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Tom Barkin

Great Expectations: Do Employees Want More Now?

Tom Barkin

July 13, 2021

Tom Barkin

President, Federal Reserve Bank of Richmond

Job openings reached 9.2 million in May, the highest level in the 20-year-plus history of the data. We hear businesses are struggling to fill those openings, and the issue is particularly acute for low-wage positions. This difficulty is, of course, strange given there are still over 7 million fewer people employed today than in February 2020.  

Our contacts offer a variety of reasons why labor supply might lag demand. Some point to a continued fear of infection or logistical barriers related to remote schooling or child care. Others point toward increased retirements or the adverse incentives created by enhanced unemployment insurance. Still others believe workers have reassessed their perspectives on work versus time at home. 

Economics has an explanation for this: an increase in the “reservation wage.” The reservation wage is the lowest wage an unemployed person is willing to accept for a new job. If an individual’s reservation wage rises above an employer’s offered wage, then the individual will likely keep looking for another opportunity, or even opt out of the labor force.  

We have data to validate that reservation wages have increased over the past year, especially for individuals making less than $60,000 per year and those without college degrees. The Federal Reserve Bank of New York conducts a regular survey that asks respondents for the lowest wage they would be willing to accept for a new job. Between March 2020 and March 2021, the average reservation wage for those making less than $60,000 and those without college degrees went up more than $10,000 (up 26 percent). This increase is far in excess of the range that survey has seen historically for these groups.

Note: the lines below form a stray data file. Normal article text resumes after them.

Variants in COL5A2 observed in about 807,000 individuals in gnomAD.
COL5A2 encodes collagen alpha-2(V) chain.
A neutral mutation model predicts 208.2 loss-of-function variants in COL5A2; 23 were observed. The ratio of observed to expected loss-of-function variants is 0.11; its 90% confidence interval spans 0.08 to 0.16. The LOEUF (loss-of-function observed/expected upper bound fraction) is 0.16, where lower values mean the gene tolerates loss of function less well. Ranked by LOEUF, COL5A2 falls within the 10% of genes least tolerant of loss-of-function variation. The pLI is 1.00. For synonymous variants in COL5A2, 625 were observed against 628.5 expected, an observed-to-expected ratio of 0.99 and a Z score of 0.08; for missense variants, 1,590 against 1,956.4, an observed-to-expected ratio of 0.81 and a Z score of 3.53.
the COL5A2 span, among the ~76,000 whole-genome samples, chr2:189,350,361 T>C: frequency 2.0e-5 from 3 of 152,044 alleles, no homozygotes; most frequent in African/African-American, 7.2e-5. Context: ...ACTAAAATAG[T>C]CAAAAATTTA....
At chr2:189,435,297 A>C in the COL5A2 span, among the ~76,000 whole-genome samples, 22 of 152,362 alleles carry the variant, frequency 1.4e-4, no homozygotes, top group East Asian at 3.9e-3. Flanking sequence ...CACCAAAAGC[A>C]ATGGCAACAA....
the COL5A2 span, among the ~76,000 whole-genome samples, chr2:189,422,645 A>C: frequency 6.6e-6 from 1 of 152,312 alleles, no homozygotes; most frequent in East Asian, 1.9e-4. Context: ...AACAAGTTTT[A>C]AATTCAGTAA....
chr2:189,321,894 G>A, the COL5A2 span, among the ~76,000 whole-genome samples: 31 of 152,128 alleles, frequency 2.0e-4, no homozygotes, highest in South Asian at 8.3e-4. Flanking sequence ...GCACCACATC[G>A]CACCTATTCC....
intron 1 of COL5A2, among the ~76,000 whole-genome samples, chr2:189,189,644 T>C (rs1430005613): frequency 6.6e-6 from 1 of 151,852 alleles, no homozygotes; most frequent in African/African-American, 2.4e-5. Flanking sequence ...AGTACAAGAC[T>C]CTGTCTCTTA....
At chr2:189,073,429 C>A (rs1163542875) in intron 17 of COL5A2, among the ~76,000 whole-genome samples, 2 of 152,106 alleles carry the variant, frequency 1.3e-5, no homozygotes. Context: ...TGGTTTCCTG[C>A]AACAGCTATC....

In comparison, the average reservation wages of those making more than $60,000 and those with college degrees only increased about 3 percent and 6 percent, respectively, during the same time period. What spurred this increase in reservation wages? 

Part of the answer may be the impact of the pandemic experience. Increased health or child care concerns or better understanding the pain of a commute might elevate the costs that individuals associate with a job. At the same time, enhanced unemployment insurance might make staying unemployed more feasible. Bolstered savings might reduce the sense of urgency.  

Another force seems to be playing a role: the dialogue around a $15 minimum wage. To be clear, efforts to increase the minimum wage have existed for years. But the outpouring of gratitude for essential workers, support for stimulus to jump-start the economy and a new Congress gave that movement renewed energy this spring. Congress didn’t pass a new bill, but there are signs that $15 has become a wage anchor point.  

For one, several states and cities are moving toward $15 without waiting for federal change. Pre-pandemic, seven states and the District of Columbia had committed to reach $15 over time. Last year, Florida joined this list, representing a broadening consensus beyond traditional progressive states and localities. 

In addition, the private sector increasingly seems to be adopting a similar message. In the last few months, a number of large employers, such as Southwest Airlines and Under Armour, have announced bumps in entry level wages to $15. In perhaps the strongest evidence of the importance of the “$15 anchor,” several others, like Chipotle and McDonald’s, have announced an average $15 starting wage. Presumably, those firms see an advantage to adopting the number in messaging even if they do not adopt the wage floor.